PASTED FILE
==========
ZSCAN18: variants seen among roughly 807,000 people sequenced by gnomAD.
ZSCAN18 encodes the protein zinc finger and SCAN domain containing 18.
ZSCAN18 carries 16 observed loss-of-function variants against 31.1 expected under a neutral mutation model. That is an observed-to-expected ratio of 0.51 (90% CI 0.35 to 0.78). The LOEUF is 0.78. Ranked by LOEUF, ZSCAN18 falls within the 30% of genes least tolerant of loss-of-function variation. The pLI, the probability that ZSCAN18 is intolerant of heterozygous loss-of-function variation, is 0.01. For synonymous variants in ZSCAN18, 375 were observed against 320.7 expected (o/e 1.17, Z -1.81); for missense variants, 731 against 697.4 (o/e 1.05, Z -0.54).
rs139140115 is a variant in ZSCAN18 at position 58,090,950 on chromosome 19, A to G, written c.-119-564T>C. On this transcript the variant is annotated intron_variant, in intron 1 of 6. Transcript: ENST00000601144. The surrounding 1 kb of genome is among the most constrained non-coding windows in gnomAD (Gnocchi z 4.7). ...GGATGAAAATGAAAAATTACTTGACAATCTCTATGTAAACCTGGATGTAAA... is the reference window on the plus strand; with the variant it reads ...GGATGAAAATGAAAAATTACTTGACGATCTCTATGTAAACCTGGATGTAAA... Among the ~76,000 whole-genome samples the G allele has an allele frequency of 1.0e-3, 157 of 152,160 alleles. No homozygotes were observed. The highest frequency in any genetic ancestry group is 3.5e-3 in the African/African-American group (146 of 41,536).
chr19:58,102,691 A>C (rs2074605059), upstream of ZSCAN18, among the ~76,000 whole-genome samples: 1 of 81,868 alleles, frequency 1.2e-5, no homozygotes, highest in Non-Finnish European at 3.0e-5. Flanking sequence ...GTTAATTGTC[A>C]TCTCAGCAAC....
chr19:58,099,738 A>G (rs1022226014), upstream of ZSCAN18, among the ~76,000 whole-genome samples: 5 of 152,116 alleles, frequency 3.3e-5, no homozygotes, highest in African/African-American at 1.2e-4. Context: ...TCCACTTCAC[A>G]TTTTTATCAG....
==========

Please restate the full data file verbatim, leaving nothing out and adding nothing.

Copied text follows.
ZSCAN18: variants seen among roughly 807,000 people sequenced by gnomAD.
ZSCAN18 encodes the protein zinc finger and SCAN domain containing 18.
ZSCAN18 carries 16 observed loss-of-function variants against 31.1 expected under a neutral mutation model. That is an observed-to-expected ratio of 0.51 (90% CI 0.35 to 0.78). The LOEUF is 0.78. Ranked by LOEUF, ZSCAN18 falls within the 30% of genes least tolerant of loss-of-function variation. The pLI, the probability that ZSCAN18 is intolerant of heterozygous loss-of-function variation, is 0.01. For synonymous variants in ZSCAN18, 375 were observed against 320.7 expected (o/e 1.17, Z -1.81); for missense variants, 731 against 697.4 (o/e 1.05, Z -0.54).
rs139140115 is a variant in ZSCAN18 at position 58,090,950 on chromosome 19, A to G, written c.-119-564T>C. On this transcript the variant is annotated intron_variant, in intron 1 of 6. Transcript: ENST00000601144. The surrounding 1 kb of genome is among the most constrained non-coding windows in gnomAD (Gnocchi z 4.7). ...GGATGAAAATGAAAAATTACTTGACAATCTCTATGTAAACCTGGATGTAAA... is the reference window on the plus strand; with the variant it reads ...GGATGAAAATGAAAAATTACTTGACGATCTCTATGTAAACCTGGATGTAAA... Among the ~76,000 whole-genome samples the G allele has an allele frequency of 1.0e-3, 157 of 152,160 alleles. No homozygotes were observed. The highest frequency in any genetic ancestry group is 3.5e-3 in the African/African-American group (146 of 41,536).
chr19:58,102,691 A>C (rs2074605059), upstream of ZSCAN18, among the ~76,000 whole-genome samples: 1 of 81,868 alleles, frequency 1.2e-5, no homozygotes, highest in Non-Finnish European at 3.0e-5. Flanking sequence ...GTTAATTGTC[A>C]TCTCAGCAAC....
chr19:58,099,738 A>G (rs1022226014), upstream of ZSCAN18, among the ~76,000 whole-genome samples: 5 of 152,116 alleles, frequency 3.3e-5, no homozygotes, highest in African/African-American at 1.2e-4. Context: ...TCCACTTCAC[A>G]TTTTTATCAG....